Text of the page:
I left off with four carcase panels which needed to be dimensioned and flattened to exact and uniform thickness. At this point, the panels are roughly at the final thickness and ready to be hand planed for a smooth, uniform finish across the complete panel in both width and length. I use an accurate solid steel straightedge to determine the high spots on the panels, this after a final check with winding sticks to check for any small, remaining twist. The process I use is to slide the steel straightedge across the width of each panel along its length and marking with a pencil any dips or bumps or any cupping. Since each of these panels is approximately 14 inches wide, there is bound to be some irregularity on the surfaces until I hand plane these surfaces. Each side of each panels is flattened similarly with the final thickness of each board constantly in mind. The final thickness, in this case 11/16 inch, needs to be accurately maintained throughout the panels, both across the panel and along the length of the panel. I have made a few passes with a long jointer plane with a long bearing surface to make quick work of any bumps and hollows over the length of the panels.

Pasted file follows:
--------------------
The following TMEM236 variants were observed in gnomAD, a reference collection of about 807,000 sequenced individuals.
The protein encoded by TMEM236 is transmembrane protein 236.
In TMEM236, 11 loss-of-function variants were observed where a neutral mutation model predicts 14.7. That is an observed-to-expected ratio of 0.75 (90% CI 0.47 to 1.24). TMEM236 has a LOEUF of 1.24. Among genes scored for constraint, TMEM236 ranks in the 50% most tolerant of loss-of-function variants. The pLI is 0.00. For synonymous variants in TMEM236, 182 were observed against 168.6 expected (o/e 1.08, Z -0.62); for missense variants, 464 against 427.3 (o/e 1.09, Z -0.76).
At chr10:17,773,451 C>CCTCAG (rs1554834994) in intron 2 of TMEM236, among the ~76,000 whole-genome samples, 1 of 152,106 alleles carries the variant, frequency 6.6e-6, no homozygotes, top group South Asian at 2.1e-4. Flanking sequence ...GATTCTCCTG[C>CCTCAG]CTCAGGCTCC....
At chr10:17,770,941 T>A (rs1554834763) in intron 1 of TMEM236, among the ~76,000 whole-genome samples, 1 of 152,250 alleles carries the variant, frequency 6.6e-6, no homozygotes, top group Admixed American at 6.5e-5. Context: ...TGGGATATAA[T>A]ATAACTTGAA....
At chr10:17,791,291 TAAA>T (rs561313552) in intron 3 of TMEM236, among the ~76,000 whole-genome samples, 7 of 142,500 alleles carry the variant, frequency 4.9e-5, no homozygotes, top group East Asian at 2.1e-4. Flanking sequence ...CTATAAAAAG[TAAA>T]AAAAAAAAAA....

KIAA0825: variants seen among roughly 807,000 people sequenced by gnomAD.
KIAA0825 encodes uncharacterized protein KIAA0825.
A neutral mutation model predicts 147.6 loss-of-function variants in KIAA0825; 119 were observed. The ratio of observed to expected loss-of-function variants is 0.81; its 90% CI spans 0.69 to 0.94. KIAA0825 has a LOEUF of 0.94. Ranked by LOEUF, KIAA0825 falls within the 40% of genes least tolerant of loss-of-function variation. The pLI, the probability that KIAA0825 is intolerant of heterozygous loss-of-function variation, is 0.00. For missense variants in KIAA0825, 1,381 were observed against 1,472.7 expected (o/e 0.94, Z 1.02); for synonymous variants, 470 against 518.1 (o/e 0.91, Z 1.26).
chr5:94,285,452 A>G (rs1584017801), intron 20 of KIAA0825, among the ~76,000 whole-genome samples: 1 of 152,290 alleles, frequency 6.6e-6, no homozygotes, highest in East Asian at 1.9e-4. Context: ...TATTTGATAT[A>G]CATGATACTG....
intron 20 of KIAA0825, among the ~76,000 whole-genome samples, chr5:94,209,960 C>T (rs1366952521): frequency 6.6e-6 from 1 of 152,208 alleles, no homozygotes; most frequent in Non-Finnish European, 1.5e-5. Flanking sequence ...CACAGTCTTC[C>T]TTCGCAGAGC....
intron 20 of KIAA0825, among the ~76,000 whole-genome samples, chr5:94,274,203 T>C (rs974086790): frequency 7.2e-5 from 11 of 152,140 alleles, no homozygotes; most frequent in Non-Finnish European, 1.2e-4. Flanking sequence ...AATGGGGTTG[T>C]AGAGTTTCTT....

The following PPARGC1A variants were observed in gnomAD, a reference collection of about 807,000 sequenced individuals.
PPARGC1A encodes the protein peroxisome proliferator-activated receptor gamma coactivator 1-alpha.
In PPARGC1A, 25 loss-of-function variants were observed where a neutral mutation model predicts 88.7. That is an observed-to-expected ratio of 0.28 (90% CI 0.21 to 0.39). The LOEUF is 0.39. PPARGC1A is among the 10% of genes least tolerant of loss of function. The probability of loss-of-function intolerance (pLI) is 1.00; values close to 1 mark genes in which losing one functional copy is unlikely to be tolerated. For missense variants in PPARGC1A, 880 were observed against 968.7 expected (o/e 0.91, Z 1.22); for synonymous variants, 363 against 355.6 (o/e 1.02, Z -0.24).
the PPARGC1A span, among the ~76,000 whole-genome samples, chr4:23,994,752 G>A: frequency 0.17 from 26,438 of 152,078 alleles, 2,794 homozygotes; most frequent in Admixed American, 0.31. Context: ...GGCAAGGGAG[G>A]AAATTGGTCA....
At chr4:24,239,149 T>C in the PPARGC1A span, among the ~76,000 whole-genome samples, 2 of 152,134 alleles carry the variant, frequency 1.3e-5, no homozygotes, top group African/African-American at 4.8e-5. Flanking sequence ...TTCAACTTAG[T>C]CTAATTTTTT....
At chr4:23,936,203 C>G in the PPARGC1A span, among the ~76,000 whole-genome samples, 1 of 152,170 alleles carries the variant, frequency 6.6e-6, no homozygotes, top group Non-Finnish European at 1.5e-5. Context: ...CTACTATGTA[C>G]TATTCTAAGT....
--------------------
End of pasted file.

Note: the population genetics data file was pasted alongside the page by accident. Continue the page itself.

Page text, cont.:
Afterwards, I switch to a smoother plane and smooth the panels further until the high and low spots disappear, all the while I reducing the depth of iron in my smoother plane to take progressively lighter shavings. I'm also using my widest smoother, No. 4.5, for this application, this provides less overlap in the plane strokes and covers more area quickly. A stick of wax is your friend when doing this type of work, this keeps the hand plane gliding smoothly and somewhat effortlessly. When I assembled the panels from boards earlier I made sure to orient the grain of the boards in the same direction, this decision is now obvious as a wise decision since hand planing can be accomplished in the correct direction.
Once I have a rhythm established, flattening these panels is actually an enjoyable task. Tearout is non-existent since I'm planing with the grain and the beech panels are fairly tame, so all I get is nice, fluffy shavings. I had to watch myself to not get carried away. At this time, I have four panels hand planed to thickness (uniform thickness) and perfectly smooth , as determined from some final checking with the solid steel straightedge.
Next I will dimension each of the two side panels and the top and bottom panels to the final width and length which the design calls for.